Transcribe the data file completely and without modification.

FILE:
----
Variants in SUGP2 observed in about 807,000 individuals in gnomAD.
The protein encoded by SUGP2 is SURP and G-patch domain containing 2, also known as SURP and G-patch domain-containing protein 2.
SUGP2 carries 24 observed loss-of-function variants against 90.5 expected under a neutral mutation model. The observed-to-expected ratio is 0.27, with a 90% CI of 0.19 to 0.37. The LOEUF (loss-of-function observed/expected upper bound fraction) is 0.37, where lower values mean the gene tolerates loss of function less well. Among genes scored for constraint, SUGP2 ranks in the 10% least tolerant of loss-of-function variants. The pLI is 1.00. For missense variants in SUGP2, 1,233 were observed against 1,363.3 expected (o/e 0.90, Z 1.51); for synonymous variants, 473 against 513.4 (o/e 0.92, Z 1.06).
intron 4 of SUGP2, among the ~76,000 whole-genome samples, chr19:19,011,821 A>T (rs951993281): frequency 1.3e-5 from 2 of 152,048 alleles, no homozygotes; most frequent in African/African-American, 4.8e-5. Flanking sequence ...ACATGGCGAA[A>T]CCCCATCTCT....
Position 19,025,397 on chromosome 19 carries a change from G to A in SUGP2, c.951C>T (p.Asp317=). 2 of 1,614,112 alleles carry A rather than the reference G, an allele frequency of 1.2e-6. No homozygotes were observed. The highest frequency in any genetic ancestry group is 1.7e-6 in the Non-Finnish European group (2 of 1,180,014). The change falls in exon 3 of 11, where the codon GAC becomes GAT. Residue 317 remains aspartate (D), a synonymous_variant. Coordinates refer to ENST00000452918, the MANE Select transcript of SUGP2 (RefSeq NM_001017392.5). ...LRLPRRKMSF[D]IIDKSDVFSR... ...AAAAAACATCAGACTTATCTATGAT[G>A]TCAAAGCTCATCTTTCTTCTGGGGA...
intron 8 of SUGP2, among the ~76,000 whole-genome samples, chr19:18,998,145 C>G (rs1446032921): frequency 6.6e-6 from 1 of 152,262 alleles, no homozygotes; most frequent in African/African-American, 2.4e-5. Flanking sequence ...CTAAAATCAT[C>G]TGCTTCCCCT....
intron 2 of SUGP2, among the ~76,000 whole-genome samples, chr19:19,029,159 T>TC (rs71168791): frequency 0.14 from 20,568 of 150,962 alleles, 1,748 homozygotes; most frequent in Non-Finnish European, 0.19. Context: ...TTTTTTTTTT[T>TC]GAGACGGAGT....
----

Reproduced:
Variants in SUGP2 observed in about 807,000 individuals in gnomAD.
The protein encoded by SUGP2 is SURP and G-patch domain containing 2, also known as SURP and G-patch domain-containing protein 2.
SUGP2 carries 24 observed loss-of-function variants against 90.5 expected under a neutral mutation model. The observed-to-expected ratio is 0.27, with a 90% CI of 0.19 to 0.37. The LOEUF (loss-of-function observed/expected upper bound fraction) is 0.37, where lower values mean the gene tolerates loss of function less well. Among genes scored for constraint, SUGP2 ranks in the 10% least tolerant of loss-of-function variants. The pLI is 1.00. For missense variants in SUGP2, 1,233 were observed against 1,363.3 expected (o/e 0.90, Z 1.51); for synonymous variants, 473 against 513.4 (o/e 0.92, Z 1.06).
intron 4 of SUGP2, among the ~76,000 whole-genome samples, chr19:19,011,821 A>T (rs951993281): frequency 1.3e-5 from 2 of 152,048 alleles, no homozygotes; most frequent in African/African-American, 4.8e-5. Flanking sequence ...ACATGGCGAA[A>T]CCCCATCTCT....
Position 19,025,397 on chromosome 19 carries a change from G to A in SUGP2, c.951C>T (p.Asp317=). 2 of 1,614,112 alleles carry A rather than the reference G, an allele frequency of 1.2e-6. No homozygotes were observed. The highest frequency in any genetic ancestry group is 1.7e-6 in the Non-Finnish European group (2 of 1,180,014). The change falls in exon 3 of 11, where the codon GAC becomes GAT. Residue 317 remains aspartate (D), a synonymous_variant. Coordinates refer to ENST00000452918, the MANE Select transcript of SUGP2 (RefSeq NM_001017392.5). ...LRLPRRKMSF[D]IIDKSDVFSR... ...AAAAAACATCAGACTTATCTATGAT[G>A]TCAAAGCTCATCTTTCTTCTGGGGA...
intron 8 of SUGP2, among the ~76,000 whole-genome samples, chr19:18,998,145 C>G (rs1446032921): frequency 6.6e-6 from 1 of 152,262 alleles, no homozygotes; most frequent in African/African-American, 2.4e-5. Flanking sequence ...CTAAAATCAT[C>G]TGCTTCCCCT....
intron 2 of SUGP2, among the ~76,000 whole-genome samples, chr19:19,029,159 T>TC (rs71168791): frequency 0.14 from 20,568 of 150,962 alleles, 1,748 homozygotes; most frequent in Non-Finnish European, 0.19. Context: ...TTTTTTTTTT[T>TC]GAGACGGAGT....